Become a 21st Century Executive

Serving as a guiding inspiration to help the next generation with making the right career choices, The 3 Minute Mentor team have created a new book, Become a 21st Century Executive: Breaking Away from the Pack. This easy-to-read and clear-cut manual for any worker, manager, and leader of any sort who finds themselves muddling through their job and career.

In each chapter, Become a 21st Century Executive provides practical advice on how to avoid being a stuck-in-the-middle manager, and how to start behaving and becoming a 21st century executive.

Avaialble at now.


My 5 Biggest Mistakes (in just my last job).

Last year I exited from the role as Chief Marketing Officer at AMD, a $6B a year semi-conductor company (something I did at my own choice, regardless of what you hear!)

They tell me that the average life expectancy of a CMO is around 28 months.  So, having been in that position for 47 months, I feel pretty good. While proud of what the team and I achieved over those four years, there are some clear lessons.  I am taking a few months off to contemplate the meaning of life and to decide what I want to do next - actually, I am working on a book derived from my blog The 3 Minute Mentor.  

If and when I reenter the CMO world, then I believe there are some things I would do somewhat differently. I think I made 5 mistakes and I share these with you so you can either smile at how foolish and innocent I was or perhaps so you do not make them yourself - your call.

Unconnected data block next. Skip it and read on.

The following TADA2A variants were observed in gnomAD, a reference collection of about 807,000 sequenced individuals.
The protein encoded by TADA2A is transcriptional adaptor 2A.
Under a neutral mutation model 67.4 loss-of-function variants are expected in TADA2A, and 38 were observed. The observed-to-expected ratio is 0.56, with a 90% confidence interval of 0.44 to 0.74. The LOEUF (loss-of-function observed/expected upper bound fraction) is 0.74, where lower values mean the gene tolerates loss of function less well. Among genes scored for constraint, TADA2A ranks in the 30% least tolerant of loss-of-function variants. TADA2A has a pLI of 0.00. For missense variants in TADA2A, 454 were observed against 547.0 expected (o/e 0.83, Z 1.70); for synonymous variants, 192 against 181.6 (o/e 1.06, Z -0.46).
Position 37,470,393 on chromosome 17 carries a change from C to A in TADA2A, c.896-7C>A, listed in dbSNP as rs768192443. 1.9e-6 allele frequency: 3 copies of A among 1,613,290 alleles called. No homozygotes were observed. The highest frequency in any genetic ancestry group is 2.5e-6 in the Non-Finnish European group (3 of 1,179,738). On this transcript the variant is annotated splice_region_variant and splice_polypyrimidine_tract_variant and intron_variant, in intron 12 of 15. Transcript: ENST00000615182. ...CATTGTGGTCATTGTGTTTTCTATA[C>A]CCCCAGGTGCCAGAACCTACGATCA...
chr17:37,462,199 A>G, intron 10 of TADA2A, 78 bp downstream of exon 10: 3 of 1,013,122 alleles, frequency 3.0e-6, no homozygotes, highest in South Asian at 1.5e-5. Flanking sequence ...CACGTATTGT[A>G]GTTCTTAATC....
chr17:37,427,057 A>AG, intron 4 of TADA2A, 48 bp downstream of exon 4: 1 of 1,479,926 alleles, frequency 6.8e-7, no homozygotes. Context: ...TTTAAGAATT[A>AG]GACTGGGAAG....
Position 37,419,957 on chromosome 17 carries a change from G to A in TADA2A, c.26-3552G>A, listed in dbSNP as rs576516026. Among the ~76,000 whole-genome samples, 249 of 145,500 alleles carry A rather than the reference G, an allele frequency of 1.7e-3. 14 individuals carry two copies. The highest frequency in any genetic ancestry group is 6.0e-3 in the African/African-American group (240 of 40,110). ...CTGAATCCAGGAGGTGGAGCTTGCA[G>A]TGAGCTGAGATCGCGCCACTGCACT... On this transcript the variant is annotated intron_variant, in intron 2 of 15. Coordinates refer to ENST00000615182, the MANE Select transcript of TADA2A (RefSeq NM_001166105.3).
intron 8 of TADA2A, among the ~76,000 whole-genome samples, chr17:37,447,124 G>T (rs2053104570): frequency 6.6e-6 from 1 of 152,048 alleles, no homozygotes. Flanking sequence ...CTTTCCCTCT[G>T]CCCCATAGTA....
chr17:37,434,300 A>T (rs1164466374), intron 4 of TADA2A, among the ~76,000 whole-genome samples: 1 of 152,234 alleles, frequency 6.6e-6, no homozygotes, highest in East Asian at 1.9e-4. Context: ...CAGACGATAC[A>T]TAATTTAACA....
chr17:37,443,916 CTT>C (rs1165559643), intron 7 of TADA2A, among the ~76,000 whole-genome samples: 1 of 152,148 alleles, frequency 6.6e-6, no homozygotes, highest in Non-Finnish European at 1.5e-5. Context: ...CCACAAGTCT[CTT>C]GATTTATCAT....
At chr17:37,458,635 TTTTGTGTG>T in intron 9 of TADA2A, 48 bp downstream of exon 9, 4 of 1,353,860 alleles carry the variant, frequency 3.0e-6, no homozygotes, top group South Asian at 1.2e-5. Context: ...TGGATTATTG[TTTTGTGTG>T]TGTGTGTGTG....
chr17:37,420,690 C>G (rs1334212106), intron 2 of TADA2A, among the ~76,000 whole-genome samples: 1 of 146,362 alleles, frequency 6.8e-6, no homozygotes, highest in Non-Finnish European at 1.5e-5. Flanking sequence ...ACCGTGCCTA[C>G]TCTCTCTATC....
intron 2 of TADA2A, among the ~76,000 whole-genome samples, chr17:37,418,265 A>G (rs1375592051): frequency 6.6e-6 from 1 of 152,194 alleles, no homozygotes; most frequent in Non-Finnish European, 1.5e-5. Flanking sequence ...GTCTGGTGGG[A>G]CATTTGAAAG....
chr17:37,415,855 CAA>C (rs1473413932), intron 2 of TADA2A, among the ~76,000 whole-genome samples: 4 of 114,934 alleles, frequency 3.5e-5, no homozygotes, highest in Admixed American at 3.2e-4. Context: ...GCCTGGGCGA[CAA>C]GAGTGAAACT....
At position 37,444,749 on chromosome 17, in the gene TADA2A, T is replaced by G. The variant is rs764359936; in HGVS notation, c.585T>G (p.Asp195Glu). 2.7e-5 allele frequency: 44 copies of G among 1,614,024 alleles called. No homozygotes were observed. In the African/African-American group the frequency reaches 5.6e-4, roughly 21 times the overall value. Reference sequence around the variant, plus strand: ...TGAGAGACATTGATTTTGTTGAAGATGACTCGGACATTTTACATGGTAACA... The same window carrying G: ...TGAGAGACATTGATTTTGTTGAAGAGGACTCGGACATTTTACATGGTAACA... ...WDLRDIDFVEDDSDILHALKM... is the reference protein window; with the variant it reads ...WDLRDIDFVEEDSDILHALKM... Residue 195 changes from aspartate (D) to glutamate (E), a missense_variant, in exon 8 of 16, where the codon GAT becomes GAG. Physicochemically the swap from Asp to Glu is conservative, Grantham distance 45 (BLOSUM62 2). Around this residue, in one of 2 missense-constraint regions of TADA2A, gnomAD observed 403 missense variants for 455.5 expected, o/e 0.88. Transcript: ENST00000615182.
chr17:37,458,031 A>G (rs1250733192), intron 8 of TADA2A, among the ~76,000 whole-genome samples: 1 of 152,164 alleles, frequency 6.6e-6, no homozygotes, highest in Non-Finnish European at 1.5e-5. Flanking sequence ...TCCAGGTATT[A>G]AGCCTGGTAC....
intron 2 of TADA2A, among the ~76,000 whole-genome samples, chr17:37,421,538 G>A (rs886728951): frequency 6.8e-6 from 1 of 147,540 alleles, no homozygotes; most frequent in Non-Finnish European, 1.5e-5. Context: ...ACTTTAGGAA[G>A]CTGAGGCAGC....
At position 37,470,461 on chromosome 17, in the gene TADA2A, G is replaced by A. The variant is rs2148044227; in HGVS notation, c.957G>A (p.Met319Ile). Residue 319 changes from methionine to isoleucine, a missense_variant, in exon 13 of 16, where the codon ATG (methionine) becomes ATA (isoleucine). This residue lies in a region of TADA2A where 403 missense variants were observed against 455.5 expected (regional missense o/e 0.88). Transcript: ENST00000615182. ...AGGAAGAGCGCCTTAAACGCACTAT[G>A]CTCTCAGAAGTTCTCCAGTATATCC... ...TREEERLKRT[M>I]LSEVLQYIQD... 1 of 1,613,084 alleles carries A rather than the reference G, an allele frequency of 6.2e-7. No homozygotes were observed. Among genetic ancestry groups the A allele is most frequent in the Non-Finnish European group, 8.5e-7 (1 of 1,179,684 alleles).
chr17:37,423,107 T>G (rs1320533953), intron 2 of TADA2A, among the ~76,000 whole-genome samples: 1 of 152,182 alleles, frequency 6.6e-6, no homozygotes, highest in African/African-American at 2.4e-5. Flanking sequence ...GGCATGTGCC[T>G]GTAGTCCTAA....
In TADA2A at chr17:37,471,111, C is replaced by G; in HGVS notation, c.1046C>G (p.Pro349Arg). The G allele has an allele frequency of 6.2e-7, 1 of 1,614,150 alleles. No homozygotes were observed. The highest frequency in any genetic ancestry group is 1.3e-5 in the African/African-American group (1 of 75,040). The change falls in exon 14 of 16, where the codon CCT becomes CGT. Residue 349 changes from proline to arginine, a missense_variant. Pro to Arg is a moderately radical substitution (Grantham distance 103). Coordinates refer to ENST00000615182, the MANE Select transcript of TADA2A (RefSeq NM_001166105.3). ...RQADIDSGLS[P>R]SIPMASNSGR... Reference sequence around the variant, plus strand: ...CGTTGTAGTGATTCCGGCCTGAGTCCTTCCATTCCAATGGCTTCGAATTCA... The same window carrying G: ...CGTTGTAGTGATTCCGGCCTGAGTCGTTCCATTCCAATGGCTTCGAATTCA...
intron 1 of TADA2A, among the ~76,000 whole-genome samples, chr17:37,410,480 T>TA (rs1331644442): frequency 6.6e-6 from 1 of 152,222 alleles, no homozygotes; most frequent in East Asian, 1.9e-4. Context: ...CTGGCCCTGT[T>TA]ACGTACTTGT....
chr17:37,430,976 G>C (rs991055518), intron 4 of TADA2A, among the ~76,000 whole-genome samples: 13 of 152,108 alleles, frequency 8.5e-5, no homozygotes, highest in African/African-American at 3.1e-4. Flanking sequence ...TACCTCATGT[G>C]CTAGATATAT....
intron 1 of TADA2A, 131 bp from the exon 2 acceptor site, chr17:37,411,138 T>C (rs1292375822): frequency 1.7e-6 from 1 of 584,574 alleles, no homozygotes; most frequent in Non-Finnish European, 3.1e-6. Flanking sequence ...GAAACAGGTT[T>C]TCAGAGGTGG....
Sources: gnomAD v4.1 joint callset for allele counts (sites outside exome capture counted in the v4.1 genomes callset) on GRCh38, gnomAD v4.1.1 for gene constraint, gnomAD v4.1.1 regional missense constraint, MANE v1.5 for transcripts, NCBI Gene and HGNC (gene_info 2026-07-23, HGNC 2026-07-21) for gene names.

1) Get to know the Board

All of us don’t necessarily have the opportunity to get to know the Board of Directors of our companies, but if you do, take it.  In fact, look for it.  Although this should be apparent, it’s easy to let others (sometimes your boss) manage this relationship for you. The problem this causes is obvious and I should have known better. The only relationships you can really trust in the end (at work), are the ones you manage.  As great as your boss is (assuming they are someone like the CEO and I had a great one), when it comes down to it, they are still a going to filter and funnel.  The only way around that is to work with the Board as much as you would any customer or partner.

2) Do the second re-organization quicker

After the right amount of time and effort (and a heavily used copy of Watkins’ “The First 90 Days”), I set about doing my first major reorganization.  I think I did it pretty well and got about 80% of it right – not bad for the new boy.  My problem was getting about 20% of it wrong.